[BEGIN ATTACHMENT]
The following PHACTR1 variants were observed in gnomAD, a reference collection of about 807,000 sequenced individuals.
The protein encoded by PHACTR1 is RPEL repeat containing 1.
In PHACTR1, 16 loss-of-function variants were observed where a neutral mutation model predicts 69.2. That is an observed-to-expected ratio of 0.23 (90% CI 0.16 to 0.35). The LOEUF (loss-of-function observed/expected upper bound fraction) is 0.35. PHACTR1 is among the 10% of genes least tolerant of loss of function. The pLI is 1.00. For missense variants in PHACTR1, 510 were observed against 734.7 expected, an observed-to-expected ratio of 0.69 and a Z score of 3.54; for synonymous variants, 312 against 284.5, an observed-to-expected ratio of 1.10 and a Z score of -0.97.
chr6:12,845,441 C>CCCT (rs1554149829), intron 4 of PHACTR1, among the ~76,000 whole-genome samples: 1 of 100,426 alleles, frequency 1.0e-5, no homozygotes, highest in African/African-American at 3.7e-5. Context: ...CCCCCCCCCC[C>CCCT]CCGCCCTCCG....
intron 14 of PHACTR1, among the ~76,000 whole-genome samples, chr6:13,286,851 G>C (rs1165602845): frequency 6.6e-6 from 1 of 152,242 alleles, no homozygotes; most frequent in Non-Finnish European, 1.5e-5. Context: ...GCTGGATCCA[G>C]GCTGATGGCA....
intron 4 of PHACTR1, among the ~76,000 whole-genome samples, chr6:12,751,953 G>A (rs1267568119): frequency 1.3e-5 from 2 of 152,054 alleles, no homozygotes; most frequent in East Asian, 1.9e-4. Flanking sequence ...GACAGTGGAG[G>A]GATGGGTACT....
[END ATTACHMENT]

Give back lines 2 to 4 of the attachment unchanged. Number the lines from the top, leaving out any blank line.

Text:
The protein encoded by PHACTR1 is RPEL repeat containing 1.
In PHACTR1, 16 loss-of-function variants were observed where a neutral mutation model predicts 69.2. That is an observed-to-expected ratio of 0.23 (90% CI 0.16 to 0.35). The LOEUF (loss-of-function observed/expected upper bound fraction) is 0.35. PHACTR1 is among the 10% of genes least tolerant of loss of function. The pLI is 1.00. For missense variants in PHACTR1, 510 were observed against 734.7 expected, an observed-to-expected ratio of 0.69 and a Z score of 3.54; for synonymous variants, 312 against 284.5, an observed-to-expected ratio of 1.10 and a Z score of -0.97.
chr6:12,845,441 C>CCCT (rs1554149829), intron 4 of PHACTR1, among the ~76,000 whole-genome samples: 1 of 100,426 alleles, frequency 1.0e-5, no homozygotes, highest in African/African-American at 3.7e-5. Context: ...CCCCCCCCCC[C>CCCT]CCGCCCTCCG....